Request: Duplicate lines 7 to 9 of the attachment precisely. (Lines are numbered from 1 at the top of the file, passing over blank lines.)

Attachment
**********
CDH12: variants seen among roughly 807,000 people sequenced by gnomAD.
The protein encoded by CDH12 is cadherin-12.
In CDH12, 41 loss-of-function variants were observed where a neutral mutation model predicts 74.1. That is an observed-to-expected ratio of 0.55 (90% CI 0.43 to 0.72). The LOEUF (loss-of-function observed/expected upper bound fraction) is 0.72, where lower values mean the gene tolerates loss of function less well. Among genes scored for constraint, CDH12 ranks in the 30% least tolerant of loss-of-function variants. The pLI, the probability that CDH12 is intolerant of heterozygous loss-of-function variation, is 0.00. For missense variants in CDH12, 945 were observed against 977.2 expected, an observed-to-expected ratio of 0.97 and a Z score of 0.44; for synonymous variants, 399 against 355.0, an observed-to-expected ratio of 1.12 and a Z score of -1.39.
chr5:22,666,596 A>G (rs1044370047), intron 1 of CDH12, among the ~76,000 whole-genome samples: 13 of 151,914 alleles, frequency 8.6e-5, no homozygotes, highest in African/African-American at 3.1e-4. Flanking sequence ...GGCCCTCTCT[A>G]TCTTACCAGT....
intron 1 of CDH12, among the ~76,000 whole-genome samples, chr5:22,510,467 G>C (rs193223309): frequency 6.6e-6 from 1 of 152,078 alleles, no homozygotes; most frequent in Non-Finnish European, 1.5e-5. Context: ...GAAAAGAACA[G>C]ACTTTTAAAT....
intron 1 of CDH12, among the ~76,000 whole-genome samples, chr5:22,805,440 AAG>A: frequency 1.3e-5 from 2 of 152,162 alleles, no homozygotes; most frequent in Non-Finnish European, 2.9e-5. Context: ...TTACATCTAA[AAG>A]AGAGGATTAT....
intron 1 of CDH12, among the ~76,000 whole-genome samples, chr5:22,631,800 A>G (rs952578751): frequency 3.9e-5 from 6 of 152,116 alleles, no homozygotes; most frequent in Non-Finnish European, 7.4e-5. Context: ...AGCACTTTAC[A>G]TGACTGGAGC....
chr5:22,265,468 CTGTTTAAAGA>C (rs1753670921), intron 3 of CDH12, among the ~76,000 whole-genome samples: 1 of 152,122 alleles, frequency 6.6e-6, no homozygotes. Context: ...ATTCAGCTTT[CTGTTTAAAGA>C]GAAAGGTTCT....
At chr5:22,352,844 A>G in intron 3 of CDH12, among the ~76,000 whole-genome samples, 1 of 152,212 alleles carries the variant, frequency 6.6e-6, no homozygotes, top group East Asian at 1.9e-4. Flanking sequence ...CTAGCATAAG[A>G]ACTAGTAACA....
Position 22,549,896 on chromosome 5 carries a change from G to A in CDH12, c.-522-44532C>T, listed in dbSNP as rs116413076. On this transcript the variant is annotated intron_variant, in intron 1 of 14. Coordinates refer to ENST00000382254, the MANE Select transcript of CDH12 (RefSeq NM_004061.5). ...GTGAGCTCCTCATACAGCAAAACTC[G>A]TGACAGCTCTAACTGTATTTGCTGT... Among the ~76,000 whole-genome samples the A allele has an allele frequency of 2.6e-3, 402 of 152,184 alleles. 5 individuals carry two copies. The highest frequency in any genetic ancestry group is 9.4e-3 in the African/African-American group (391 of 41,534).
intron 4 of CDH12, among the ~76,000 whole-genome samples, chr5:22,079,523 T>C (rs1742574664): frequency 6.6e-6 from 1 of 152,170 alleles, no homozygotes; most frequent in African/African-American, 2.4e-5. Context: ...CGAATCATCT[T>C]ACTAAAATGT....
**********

intron 1 of CDH12, among the ~76,000 whole-genome samples, chr5:22,631,800 A>G (rs952578751): frequency 3.9e-5 from 6 of 152,116 alleles, no homozygotes; most frequent in Non-Finnish European, 7.4e-5. Context: ...AGCACTTTAC[A>G]TGACTGGAGC....
chr5:22,265,468 CTGTTTAAAGA>C (rs1753670921), intron 3 of CDH12, among the ~76,000 whole-genome samples: 1 of 152,122 alleles, frequency 6.6e-6, no homozygotes. Context: ...ATTCAGCTTT[CTGTTTAAAGA>C]GAAAGGTTCT....
At chr5:22,352,844 A>G in intron 3 of CDH12, among the ~76,000 whole-genome samples, 1 of 152,212 alleles carries the variant, frequency 6.6e-6, no homozygotes, top group East Asian at 1.9e-4. Flanking sequence ...CTAGCATAAG[A>G]ACTAGTAACA....